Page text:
Zanzibar -- so long economically dependent on the export of cloves -- is turning to the tourist trade as an alternative source of foreign income.
GV Beach in Zanzibar with buildings at edge. (2 shots)
GV PAN FROM Fishing boats to seafront.
GV People working on harbour wall.
SV PAN FROM Workers to wall.
CU Workers constructing wall. (2 shots)
GV PAN House of Wonders.
SV Children with schoolteacher outside House of Wonders.
SV & CU Statue of Karume
GV People's Palace
GV & CU Hotel Bwawani.
Gv Ijumaa Mosque.
GV Anglican Catherdral.
GV Fishermen preparing boats in harbour.
Initials VS 18.01 VS 18.17
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Background: Zanzibar -- so long economically dependent on the export of cloves -- is turning to the tourist trade as an alternative source of foreign income.
There was an energetic spate of building for the 10th anniversary celebrations of Zanzibar's revolution held earlier this year. New hotels and amenities constructed for the celebrations provide the basis for the new tourist drive.
The massive new Hotel Bwawani -- designed by the late Sheikh Karume and only recently completed --boasts a swimming pool that the tourist authorities claim will be the biggest in the world when it is finished. Among the most important buildings in Zanzibar town are the Ijumma Mosque and the Anglican Cathedra.
The Island's major attraction is its fine beaches. Although a third of the country's three hundred thousand inhabitants make a living from the sea, they leave the beaches unpolluted because they fish from dhows driven by sail rather than oil.
SYNOPSIS: Zanzibar possesses many fine beaches, and now the authorities on the island are hoping they will attract tourists from overseas.
Traditionally, Zanzibar has been almost entirely dependent on the export of cloves for its foreign earnings, but now the island's leader Aboud Jumbe wants to diversify the economy with industries like tourism.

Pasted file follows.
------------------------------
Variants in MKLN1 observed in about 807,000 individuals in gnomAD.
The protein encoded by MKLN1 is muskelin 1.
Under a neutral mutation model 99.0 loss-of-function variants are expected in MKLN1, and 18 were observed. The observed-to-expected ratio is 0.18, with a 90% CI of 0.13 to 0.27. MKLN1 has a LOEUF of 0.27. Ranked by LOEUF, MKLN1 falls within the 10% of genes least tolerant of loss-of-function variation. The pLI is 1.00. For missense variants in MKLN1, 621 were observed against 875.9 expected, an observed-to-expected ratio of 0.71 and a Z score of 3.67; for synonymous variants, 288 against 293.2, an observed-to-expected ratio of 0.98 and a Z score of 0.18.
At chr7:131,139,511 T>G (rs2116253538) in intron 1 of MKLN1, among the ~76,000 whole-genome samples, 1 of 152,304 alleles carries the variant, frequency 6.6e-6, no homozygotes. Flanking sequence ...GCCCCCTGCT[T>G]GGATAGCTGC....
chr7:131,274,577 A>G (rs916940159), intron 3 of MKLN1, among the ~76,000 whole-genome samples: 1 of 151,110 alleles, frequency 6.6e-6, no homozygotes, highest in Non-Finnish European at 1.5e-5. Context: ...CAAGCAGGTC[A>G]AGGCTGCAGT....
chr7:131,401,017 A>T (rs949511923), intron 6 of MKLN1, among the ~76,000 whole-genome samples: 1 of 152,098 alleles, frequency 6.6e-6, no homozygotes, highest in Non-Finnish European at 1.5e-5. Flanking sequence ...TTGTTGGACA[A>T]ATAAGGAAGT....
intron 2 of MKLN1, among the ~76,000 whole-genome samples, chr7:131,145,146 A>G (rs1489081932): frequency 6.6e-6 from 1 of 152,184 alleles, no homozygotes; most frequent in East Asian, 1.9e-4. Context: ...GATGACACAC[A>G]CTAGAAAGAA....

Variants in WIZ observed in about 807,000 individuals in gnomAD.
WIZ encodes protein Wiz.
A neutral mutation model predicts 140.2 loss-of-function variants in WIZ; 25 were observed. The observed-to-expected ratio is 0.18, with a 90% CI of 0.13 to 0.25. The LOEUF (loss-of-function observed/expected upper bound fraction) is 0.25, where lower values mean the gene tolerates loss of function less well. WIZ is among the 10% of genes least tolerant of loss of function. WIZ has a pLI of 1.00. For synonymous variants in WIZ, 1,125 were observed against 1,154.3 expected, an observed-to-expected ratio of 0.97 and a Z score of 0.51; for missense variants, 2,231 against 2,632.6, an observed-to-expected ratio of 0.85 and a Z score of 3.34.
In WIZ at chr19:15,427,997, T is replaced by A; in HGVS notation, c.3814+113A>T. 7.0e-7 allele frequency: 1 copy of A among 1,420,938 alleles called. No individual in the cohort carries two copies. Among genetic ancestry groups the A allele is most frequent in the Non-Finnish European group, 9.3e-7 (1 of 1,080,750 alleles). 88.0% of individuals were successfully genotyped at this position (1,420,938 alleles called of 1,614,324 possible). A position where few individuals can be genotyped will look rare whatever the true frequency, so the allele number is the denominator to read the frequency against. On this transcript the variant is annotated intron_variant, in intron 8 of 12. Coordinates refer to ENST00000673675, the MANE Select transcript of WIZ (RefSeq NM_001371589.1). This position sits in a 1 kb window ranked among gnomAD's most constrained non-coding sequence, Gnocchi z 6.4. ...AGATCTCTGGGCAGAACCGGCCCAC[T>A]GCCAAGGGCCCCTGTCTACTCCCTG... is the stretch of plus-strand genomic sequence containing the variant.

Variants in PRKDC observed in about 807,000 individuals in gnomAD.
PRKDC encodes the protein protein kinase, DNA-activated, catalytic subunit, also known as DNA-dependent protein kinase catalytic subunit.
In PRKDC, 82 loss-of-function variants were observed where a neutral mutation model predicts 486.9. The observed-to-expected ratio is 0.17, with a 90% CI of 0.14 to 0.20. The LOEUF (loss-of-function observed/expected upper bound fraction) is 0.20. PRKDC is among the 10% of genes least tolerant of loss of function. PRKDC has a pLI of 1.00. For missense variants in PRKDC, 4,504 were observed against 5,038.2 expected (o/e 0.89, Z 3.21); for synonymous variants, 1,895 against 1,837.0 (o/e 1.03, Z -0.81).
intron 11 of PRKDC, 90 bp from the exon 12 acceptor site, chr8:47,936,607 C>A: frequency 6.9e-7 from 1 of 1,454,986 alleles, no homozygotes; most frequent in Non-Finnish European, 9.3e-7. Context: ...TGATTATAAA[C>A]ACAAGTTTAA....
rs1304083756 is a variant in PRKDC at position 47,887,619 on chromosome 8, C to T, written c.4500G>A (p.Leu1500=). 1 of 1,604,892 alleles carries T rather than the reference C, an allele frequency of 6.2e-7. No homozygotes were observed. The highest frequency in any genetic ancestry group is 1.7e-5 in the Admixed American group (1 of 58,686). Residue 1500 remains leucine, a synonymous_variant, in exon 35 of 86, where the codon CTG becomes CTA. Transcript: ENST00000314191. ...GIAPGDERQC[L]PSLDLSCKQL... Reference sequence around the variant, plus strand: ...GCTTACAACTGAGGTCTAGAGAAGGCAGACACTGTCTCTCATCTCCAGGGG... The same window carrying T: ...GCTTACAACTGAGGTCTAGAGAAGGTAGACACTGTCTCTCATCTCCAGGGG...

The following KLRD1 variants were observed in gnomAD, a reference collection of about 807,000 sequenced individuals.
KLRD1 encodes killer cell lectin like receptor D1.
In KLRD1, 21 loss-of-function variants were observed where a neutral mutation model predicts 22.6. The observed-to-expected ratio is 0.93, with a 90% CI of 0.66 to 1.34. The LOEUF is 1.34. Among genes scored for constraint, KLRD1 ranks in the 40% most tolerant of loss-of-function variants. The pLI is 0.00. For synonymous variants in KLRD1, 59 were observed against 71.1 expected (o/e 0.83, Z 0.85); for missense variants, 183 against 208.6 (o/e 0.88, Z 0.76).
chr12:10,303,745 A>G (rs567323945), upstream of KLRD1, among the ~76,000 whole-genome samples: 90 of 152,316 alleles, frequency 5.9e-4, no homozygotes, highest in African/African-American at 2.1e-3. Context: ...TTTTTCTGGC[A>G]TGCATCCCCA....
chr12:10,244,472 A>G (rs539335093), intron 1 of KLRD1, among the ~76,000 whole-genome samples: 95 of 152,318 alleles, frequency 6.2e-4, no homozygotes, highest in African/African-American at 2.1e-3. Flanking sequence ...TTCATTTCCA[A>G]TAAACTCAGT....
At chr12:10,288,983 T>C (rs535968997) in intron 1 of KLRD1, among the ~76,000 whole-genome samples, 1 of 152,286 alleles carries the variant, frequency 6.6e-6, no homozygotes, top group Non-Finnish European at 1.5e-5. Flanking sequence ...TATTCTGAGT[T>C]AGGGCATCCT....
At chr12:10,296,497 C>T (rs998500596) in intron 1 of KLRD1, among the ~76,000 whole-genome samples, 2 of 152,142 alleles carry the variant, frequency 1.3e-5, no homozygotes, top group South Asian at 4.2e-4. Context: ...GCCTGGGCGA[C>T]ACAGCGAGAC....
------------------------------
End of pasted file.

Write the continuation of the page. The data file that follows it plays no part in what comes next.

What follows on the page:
Among the preparations for the new tourist drive is the improvement of the harbour wall. A big construction programme was recently undertaken for the tenth anniversary of Zanzibar's revolution, celebrated last January. The anniversary marked the bloody coup which -- a few months after independence - toppled the Arab minority government and brought to power the Afro-Shirazi party which rules today. The houses and amenities built for the celebrations provide the basis for the new tourist drive.
Buildings along the sea-front, such as the House of Wonders, have recently been repainted.
But tourists are still a new enough phenomenon to attract awed interest from the people of the island.
The memory of former leader Sheik Abeid Karume is still honoured, although he was assassinated over two years ago. Forty-four people are at the moment facing the death sentence for complicity in the plot to kill him.
Sheikh Karume personally designed the Hotel Bwawani. The tourist authorities claim that the hotel's swimming pool will be the biggest in the world when completed.
In Zanzibar town, there is the Ijumaa Mosque.
And the Anglican Cathedral constructed in the nineteenth century on the site of the former slave market.
Zanzibar's beaches are relatively clean since its fisherman use dhows driven by sail not by petrol.